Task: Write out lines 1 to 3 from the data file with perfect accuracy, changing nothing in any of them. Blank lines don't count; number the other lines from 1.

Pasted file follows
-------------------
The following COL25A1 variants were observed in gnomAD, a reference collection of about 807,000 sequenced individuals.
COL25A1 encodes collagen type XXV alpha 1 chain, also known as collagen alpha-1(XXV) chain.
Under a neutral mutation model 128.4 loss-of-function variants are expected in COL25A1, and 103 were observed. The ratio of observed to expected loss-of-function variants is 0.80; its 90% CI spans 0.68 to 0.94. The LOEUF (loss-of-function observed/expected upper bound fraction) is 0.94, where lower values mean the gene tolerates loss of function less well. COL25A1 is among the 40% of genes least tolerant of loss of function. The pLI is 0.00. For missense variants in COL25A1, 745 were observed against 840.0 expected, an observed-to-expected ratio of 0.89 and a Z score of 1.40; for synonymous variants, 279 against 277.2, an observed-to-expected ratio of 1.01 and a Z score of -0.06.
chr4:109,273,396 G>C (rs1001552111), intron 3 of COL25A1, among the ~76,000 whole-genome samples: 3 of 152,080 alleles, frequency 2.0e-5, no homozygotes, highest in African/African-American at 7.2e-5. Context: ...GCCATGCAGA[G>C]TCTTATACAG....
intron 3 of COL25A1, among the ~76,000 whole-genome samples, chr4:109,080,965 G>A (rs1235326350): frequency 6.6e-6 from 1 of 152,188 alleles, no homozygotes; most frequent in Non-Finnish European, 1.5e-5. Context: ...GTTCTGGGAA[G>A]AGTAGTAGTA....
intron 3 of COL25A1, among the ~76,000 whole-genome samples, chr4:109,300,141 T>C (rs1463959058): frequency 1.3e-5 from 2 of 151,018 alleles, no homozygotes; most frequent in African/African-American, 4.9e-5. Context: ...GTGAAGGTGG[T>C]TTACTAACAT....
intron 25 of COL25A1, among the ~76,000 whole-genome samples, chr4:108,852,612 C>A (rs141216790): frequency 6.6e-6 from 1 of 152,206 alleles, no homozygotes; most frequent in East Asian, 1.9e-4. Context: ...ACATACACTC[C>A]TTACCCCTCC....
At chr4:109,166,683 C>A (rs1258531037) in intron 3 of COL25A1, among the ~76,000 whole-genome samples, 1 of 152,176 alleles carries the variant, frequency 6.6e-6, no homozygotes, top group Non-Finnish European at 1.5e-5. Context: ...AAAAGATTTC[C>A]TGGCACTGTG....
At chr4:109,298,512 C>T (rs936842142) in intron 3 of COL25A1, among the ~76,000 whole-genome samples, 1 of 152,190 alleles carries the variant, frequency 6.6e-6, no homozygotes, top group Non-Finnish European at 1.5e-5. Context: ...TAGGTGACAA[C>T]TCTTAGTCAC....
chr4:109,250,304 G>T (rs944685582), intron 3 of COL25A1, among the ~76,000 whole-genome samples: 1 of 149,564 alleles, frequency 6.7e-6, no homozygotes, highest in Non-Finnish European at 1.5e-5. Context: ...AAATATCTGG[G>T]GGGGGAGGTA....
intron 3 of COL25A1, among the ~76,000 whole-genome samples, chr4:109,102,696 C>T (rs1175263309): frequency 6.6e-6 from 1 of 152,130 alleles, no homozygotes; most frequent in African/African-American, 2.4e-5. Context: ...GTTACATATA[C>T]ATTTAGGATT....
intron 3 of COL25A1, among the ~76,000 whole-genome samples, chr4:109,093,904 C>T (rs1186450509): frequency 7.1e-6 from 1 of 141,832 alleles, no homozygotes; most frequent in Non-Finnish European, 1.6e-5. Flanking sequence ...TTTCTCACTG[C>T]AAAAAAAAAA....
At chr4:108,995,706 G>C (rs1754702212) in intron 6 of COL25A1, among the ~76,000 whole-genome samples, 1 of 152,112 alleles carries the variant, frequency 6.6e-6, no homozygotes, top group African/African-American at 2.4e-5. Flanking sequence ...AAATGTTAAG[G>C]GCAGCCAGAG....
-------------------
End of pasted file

The following COL25A1 variants were observed in gnomAD, a reference collection of about 807,000 sequenced individuals.
COL25A1 encodes collagen type XXV alpha 1 chain, also known as collagen alpha-1(XXV) chain.
Under a neutral mutation model 128.4 loss-of-function variants are expected in COL25A1, and 103 were observed. The ratio of observed to expected loss-of-function variants is 0.80; its 90% CI spans 0.68 to 0.94. The LOEUF (loss-of-function observed/expected upper bound fraction) is 0.94, where lower values mean the gene tolerates loss of function less well. COL25A1 is among the 40% of genes least tolerant of loss of function. The pLI is 0.00. For missense variants in COL25A1, 745 were observed against 840.0 expected, an observed-to-expected ratio of 0.89 and a Z score of 1.40; for synonymous variants, 279 against 277.2, an observed-to-expected ratio of 1.01 and a Z score of -0.06.